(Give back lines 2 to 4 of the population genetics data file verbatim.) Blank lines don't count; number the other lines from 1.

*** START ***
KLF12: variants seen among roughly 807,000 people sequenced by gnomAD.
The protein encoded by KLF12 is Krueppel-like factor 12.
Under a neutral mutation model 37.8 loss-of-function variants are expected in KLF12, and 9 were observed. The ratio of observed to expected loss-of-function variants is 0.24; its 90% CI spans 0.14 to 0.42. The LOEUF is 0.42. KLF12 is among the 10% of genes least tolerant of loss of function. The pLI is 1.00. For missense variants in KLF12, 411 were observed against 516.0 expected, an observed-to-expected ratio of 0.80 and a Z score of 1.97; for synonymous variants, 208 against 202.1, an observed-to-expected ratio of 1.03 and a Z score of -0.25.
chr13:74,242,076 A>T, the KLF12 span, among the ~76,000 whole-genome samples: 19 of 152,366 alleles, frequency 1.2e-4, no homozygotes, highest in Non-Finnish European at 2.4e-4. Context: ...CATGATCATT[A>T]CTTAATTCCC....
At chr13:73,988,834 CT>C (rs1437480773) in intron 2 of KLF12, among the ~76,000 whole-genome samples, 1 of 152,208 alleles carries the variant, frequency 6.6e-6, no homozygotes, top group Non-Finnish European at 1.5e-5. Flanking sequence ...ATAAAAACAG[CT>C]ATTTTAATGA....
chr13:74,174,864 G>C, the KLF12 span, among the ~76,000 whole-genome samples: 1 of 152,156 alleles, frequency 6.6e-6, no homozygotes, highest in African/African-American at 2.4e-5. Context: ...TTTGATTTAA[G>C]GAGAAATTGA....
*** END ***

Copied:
The protein encoded by KLF12 is Krueppel-like factor 12.
Under a neutral mutation model 37.8 loss-of-function variants are expected in KLF12, and 9 were observed. The ratio of observed to expected loss-of-function variants is 0.24; its 90% CI spans 0.14 to 0.42. The LOEUF is 0.42. KLF12 is among the 10% of genes least tolerant of loss of function. The pLI is 1.00. For missense variants in KLF12, 411 were observed against 516.0 expected, an observed-to-expected ratio of 0.80 and a Z score of 1.97; for synonymous variants, 208 against 202.1, an observed-to-expected ratio of 1.03 and a Z score of -0.25.
chr13:74,242,076 A>T, the KLF12 span, among the ~76,000 whole-genome samples: 19 of 152,366 alleles, frequency 1.2e-4, no homozygotes, highest in Non-Finnish European at 2.4e-4. Context: ...CATGATCATT[A>T]CTTAATTCCC....